Blind Spots, the Psalms, and Confessing Our Sin

by | Jan 7, 2020

Editor’s Note: Our friend Courtney Ressig has a new book out: Teach Me To Feel: Worshiping Through the Psalms in Every Season of Life. In it, she explores twenty-four psalms and the emotions they generate, encouraging readers toward faithfulness to God. We encourage you to check it out, and we are delighted to post this reflection she wrote for us on Psalm 19!

A few weeks ago I was driving down a familiar stretch of road and suddenly needed to switch lanes. I turned on my signal, glanced in the rearview mirror, and proceeded to make the switch to the other lane. Out of nowhere (it seemed to me) a car appeared. I immediately swerved back in my lane.

We call these blind spots. The limitation of our eyesight keeps us from seeing a full range around us, leading to near accidents on the road. If I had been able to see the car, I would never have attempted to change lanes. If I had been able to see the car, I would never have come so close to harming myself and others. My sight was impaired by my blind spot, and as a result, those around me suffered.

We are prone to blind spots in other areas of our lives. Our sight is limited by our experience, so we miss things that might hurt those around us. We are wealthy, so we miss that even the casual suggestion to grab lunch can cause anxiety for our friend with less financial means. We are married, so we miss the loneliness that can come when we cancel church events on Valentine’s Day. Or to put it even more bluntly, we are white, and we miss that our experience in America is vastly different than our brothers and sisters of color.

The Bible is clear that our flagrant sin must be confessed (Proverbs. 28:13, James 4:17, 1 John 1:9). But what if you are unaware of your sin? What if your blind spot is causing you to swerve into the lane of another brother or sister in Christ, causing them great harm? Does the Bible speak to our blind spots?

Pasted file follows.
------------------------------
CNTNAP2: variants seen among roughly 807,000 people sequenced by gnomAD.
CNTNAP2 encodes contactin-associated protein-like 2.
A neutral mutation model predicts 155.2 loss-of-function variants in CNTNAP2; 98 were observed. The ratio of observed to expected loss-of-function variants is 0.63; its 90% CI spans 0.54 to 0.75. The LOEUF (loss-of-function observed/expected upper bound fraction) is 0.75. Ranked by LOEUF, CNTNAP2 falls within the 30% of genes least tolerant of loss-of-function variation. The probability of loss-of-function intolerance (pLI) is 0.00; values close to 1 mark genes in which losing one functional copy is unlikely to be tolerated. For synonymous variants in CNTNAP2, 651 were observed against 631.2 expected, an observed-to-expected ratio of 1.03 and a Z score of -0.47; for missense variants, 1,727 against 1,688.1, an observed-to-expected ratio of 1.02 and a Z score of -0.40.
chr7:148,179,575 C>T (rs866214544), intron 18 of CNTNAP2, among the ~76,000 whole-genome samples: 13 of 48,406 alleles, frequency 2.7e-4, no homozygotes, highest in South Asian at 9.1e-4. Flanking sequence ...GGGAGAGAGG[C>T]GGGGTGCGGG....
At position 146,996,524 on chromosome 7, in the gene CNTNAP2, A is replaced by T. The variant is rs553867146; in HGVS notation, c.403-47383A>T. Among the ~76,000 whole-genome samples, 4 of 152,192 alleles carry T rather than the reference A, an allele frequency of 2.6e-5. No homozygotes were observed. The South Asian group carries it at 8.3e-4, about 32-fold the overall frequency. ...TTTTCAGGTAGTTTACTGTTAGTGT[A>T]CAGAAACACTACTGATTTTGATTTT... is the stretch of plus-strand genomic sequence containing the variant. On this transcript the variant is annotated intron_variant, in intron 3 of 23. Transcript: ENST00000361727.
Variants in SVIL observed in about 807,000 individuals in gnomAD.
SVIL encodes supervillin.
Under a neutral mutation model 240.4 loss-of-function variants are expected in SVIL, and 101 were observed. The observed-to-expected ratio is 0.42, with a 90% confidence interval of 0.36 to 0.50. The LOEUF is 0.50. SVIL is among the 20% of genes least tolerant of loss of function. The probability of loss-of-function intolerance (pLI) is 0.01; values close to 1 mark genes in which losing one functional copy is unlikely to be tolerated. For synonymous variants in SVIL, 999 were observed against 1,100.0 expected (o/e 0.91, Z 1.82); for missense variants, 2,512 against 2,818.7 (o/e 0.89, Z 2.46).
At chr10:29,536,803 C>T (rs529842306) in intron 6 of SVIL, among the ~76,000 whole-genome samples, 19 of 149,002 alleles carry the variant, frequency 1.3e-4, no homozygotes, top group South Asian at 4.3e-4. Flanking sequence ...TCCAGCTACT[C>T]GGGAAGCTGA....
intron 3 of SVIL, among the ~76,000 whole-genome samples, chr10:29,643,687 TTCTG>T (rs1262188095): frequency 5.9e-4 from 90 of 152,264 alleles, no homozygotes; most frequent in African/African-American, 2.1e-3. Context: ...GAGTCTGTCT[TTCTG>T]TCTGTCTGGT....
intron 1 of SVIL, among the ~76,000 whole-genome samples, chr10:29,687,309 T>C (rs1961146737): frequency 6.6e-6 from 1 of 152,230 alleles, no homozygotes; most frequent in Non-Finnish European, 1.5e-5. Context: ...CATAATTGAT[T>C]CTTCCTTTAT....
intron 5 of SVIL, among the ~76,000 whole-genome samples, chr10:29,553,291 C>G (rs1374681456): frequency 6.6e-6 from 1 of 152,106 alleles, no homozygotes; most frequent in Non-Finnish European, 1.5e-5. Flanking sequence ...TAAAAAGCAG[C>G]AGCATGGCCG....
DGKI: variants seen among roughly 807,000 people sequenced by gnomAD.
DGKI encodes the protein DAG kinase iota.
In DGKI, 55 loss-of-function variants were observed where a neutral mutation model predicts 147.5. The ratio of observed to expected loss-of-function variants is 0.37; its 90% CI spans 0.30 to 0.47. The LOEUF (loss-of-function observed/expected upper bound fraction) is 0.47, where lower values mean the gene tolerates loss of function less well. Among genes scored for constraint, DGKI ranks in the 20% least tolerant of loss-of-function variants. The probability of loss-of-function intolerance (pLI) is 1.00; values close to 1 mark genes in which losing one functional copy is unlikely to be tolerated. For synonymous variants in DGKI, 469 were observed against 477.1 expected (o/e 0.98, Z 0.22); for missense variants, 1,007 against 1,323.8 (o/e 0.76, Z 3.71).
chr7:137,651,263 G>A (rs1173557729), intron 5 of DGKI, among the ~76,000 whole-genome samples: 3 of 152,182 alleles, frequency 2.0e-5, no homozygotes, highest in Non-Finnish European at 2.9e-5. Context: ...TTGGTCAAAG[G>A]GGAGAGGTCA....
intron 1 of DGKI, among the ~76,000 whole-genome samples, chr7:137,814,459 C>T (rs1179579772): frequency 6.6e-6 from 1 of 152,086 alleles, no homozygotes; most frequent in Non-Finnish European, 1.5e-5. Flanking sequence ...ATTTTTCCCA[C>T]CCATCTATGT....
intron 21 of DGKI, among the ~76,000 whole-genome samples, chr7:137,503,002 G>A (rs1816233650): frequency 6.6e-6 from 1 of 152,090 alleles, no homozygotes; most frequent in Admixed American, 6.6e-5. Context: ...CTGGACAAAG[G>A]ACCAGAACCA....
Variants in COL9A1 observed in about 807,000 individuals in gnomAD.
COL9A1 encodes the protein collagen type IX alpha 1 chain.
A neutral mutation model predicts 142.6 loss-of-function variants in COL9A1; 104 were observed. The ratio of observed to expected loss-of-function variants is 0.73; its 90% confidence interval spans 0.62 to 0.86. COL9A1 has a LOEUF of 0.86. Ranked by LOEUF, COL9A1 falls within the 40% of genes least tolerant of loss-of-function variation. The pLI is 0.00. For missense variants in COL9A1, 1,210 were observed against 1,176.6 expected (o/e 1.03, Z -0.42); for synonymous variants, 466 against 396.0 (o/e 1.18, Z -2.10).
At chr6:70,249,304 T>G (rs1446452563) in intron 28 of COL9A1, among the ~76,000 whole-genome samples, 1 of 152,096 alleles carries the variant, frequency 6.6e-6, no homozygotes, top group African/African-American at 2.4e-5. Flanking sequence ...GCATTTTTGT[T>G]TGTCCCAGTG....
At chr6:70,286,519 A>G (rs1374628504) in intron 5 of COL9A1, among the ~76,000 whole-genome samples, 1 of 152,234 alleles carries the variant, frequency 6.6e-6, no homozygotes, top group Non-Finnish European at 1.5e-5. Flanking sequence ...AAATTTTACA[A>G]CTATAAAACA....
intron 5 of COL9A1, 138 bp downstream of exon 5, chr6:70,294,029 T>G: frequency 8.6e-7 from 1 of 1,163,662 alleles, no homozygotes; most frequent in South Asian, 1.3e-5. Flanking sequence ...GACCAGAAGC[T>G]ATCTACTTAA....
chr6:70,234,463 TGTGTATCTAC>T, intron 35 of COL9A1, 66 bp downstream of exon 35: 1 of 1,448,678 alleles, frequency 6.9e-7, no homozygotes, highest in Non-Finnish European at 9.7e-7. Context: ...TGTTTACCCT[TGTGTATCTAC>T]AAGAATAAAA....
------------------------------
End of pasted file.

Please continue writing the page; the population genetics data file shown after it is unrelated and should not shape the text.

We tend to know what to do with obvious sins. The Bible calls for repentance from any number of outward, obvious sins: Sexual immorality, unrighteous anger, lying, and many others. But sin that is hidden, even by ignorance (a blind spot), is also confronted by scripture. God is holy, and he calls us to be holy (Leviticus 19:2). We are far from holy, so we often sin in ways we aren’t even aware of because our sinful nature runs deep (Romans 3:23). All the way back in the Law, God made provision for unintentional sin—sin that was not owing to meditation or intentionality. Our hearts are deceitful and hard to understand (Jeremiah 17:9), so we are in need of redemption even over the things we don’t intend to do—even over our blind spots.

The psalmist understood this well, when he cried out:

Who can discern his errors?
Declare me innocent from hidden faults. –Psalm 19:12

Psalm 19 is a rich meditation on the word of God. After speaking of the value of God’s word and the treasure that it is for the believer, the psalmist speaks to the piercing effect of the word. When we stand before the holy God of Psalm 19, we are all condemned. Even our blind spots need a substitute. Even our thoughts need a mediator (Psalm 19:14). Your words might condemn you in more obvious ways, but when you hold up the mirror of God’s word, the very thoughts of your heart—your blind spots—need prayer for cleansing.